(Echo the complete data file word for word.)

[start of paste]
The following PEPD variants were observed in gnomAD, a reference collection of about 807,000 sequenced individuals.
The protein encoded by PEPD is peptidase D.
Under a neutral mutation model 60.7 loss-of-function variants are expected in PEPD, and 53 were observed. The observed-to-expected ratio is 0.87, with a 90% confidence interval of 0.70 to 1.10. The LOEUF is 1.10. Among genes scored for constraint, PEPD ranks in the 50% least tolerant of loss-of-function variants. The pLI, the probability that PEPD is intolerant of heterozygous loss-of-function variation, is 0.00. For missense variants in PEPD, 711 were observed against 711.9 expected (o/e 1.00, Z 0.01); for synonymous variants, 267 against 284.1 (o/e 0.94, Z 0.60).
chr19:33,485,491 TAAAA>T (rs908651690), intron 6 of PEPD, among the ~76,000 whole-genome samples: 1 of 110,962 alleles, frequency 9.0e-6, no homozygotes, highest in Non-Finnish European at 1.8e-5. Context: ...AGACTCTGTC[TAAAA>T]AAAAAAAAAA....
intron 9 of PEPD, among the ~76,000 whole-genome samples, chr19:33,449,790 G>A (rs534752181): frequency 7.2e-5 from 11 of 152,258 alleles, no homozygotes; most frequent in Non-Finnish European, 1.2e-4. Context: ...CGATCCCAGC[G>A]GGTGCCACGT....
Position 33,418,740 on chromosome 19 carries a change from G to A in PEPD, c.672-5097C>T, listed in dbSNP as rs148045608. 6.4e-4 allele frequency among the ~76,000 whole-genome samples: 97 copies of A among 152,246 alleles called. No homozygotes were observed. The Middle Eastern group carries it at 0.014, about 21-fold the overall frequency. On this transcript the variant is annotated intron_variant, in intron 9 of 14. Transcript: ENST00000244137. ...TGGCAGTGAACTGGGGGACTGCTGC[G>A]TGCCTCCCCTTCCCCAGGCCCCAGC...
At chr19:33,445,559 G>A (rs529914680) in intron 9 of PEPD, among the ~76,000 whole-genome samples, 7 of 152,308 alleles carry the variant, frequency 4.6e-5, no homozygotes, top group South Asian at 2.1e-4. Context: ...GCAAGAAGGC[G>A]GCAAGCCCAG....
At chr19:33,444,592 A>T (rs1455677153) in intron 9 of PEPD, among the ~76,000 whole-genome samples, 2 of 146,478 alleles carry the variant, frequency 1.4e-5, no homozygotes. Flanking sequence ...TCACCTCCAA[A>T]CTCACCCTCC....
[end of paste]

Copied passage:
The following PEPD variants were observed in gnomAD, a reference collection of about 807,000 sequenced individuals.
The protein encoded by PEPD is peptidase D.
Under a neutral mutation model 60.7 loss-of-function variants are expected in PEPD, and 53 were observed. The observed-to-expected ratio is 0.87, with a 90% confidence interval of 0.70 to 1.10. The LOEUF is 1.10. Among genes scored for constraint, PEPD ranks in the 50% least tolerant of loss-of-function variants. The pLI, the probability that PEPD is intolerant of heterozygous loss-of-function variation, is 0.00. For missense variants in PEPD, 711 were observed against 711.9 expected (o/e 1.00, Z 0.01); for synonymous variants, 267 against 284.1 (o/e 0.94, Z 0.60).
chr19:33,485,491 TAAAA>T (rs908651690), intron 6 of PEPD, among the ~76,000 whole-genome samples: 1 of 110,962 alleles, frequency 9.0e-6, no homozygotes, highest in Non-Finnish European at 1.8e-5. Context: ...AGACTCTGTC[TAAAA>T]AAAAAAAAAA....
intron 9 of PEPD, among the ~76,000 whole-genome samples, chr19:33,449,790 G>A (rs534752181): frequency 7.2e-5 from 11 of 152,258 alleles, no homozygotes; most frequent in Non-Finnish European, 1.2e-4. Context: ...CGATCCCAGC[G>A]GGTGCCACGT....
Position 33,418,740 on chromosome 19 carries a change from G to A in PEPD, c.672-5097C>T, listed in dbSNP as rs148045608. 6.4e-4 allele frequency among the ~76,000 whole-genome samples: 97 copies of A among 152,246 alleles called. No homozygotes were observed. The Middle Eastern group carries it at 0.014, about 21-fold the overall frequency. On this transcript the variant is annotated intron_variant, in intron 9 of 14. Transcript: ENST00000244137. ...TGGCAGTGAACTGGGGGACTGCTGC[G>A]TGCCTCCCCTTCCCCAGGCCCCAGC...
At chr19:33,445,559 G>A (rs529914680) in intron 9 of PEPD, among the ~76,000 whole-genome samples, 7 of 152,308 alleles carry the variant, frequency 4.6e-5, no homozygotes, top group South Asian at 2.1e-4. Context: ...GCAAGAAGGC[G>A]GCAAGCCCAG....
At chr19:33,444,592 A>T (rs1455677153) in intron 9 of PEPD, among the ~76,000 whole-genome samples, 2 of 146,478 alleles carry the variant, frequency 1.4e-5, no homozygotes. Flanking sequence ...TCACCTCCAA[A>T]CTCACCCTCC....